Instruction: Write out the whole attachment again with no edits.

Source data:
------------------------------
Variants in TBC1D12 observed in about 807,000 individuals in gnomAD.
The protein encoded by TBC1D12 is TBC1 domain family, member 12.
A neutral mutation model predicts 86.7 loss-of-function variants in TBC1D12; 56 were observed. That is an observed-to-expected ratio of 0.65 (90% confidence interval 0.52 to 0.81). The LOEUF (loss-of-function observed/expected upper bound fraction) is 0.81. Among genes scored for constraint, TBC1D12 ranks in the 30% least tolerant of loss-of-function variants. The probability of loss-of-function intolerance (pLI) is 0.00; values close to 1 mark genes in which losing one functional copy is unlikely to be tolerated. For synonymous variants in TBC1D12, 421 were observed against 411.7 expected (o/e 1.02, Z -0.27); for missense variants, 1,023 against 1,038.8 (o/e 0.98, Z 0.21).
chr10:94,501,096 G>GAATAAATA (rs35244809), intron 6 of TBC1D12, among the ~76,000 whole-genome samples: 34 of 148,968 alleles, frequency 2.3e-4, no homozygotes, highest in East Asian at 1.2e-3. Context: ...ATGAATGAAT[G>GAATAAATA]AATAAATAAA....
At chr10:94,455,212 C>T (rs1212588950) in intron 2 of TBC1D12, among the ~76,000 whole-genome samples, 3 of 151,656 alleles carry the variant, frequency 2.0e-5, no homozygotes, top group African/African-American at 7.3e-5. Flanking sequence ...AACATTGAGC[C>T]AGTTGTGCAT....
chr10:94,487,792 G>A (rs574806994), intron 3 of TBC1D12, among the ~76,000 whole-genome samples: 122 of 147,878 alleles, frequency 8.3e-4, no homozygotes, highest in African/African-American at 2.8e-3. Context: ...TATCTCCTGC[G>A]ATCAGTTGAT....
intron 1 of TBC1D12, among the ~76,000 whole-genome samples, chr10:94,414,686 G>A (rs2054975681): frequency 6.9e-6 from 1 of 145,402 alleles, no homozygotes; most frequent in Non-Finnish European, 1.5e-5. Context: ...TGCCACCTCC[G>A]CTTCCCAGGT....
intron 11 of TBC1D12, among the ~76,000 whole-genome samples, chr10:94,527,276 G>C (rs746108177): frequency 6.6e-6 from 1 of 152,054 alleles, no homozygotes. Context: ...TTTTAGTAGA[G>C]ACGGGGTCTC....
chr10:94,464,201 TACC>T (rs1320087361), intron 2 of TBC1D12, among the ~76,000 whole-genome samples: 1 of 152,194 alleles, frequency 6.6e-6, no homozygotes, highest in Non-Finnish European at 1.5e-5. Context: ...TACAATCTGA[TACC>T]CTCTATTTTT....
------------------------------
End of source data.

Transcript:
Variants in TBC1D12 observed in about 807,000 individuals in gnomAD.
The protein encoded by TBC1D12 is TBC1 domain family, member 12.
A neutral mutation model predicts 86.7 loss-of-function variants in TBC1D12; 56 were observed. That is an observed-to-expected ratio of 0.65 (90% confidence interval 0.52 to 0.81). The LOEUF (loss-of-function observed/expected upper bound fraction) is 0.81. Among genes scored for constraint, TBC1D12 ranks in the 30% least tolerant of loss-of-function variants. The probability of loss-of-function intolerance (pLI) is 0.00; values close to 1 mark genes in which losing one functional copy is unlikely to be tolerated. For synonymous variants in TBC1D12, 421 were observed against 411.7 expected (o/e 1.02, Z -0.27); for missense variants, 1,023 against 1,038.8 (o/e 0.98, Z 0.21).
chr10:94,501,096 G>GAATAAATA (rs35244809), intron 6 of TBC1D12, among the ~76,000 whole-genome samples: 34 of 148,968 alleles, frequency 2.3e-4, no homozygotes, highest in East Asian at 1.2e-3. Context: ...ATGAATGAAT[G>GAATAAATA]AATAAATAAA....
At chr10:94,455,212 C>T (rs1212588950) in intron 2 of TBC1D12, among the ~76,000 whole-genome samples, 3 of 151,656 alleles carry the variant, frequency 2.0e-5, no homozygotes, top group African/African-American at 7.3e-5. Flanking sequence ...AACATTGAGC[C>T]AGTTGTGCAT....
chr10:94,487,792 G>A (rs574806994), intron 3 of TBC1D12, among the ~76,000 whole-genome samples: 122 of 147,878 alleles, frequency 8.3e-4, no homozygotes, highest in African/African-American at 2.8e-3. Context: ...TATCTCCTGC[G>A]ATCAGTTGAT....
intron 1 of TBC1D12, among the ~76,000 whole-genome samples, chr10:94,414,686 G>A (rs2054975681): frequency 6.9e-6 from 1 of 145,402 alleles, no homozygotes; most frequent in Non-Finnish European, 1.5e-5. Context: ...TGCCACCTCC[G>A]CTTCCCAGGT....
intron 11 of TBC1D12, among the ~76,000 whole-genome samples, chr10:94,527,276 G>C (rs746108177): frequency 6.6e-6 from 1 of 152,054 alleles, no homozygotes. Context: ...TTTTAGTAGA[G>C]ACGGGGTCTC....
chr10:94,464,201 TACC>T (rs1320087361), intron 2 of TBC1D12, among the ~76,000 whole-genome samples: 1 of 152,194 alleles, frequency 6.6e-6, no homozygotes, highest in Non-Finnish European at 1.5e-5. Context: ...TACAATCTGA[TACC>T]CTCTATTTTT....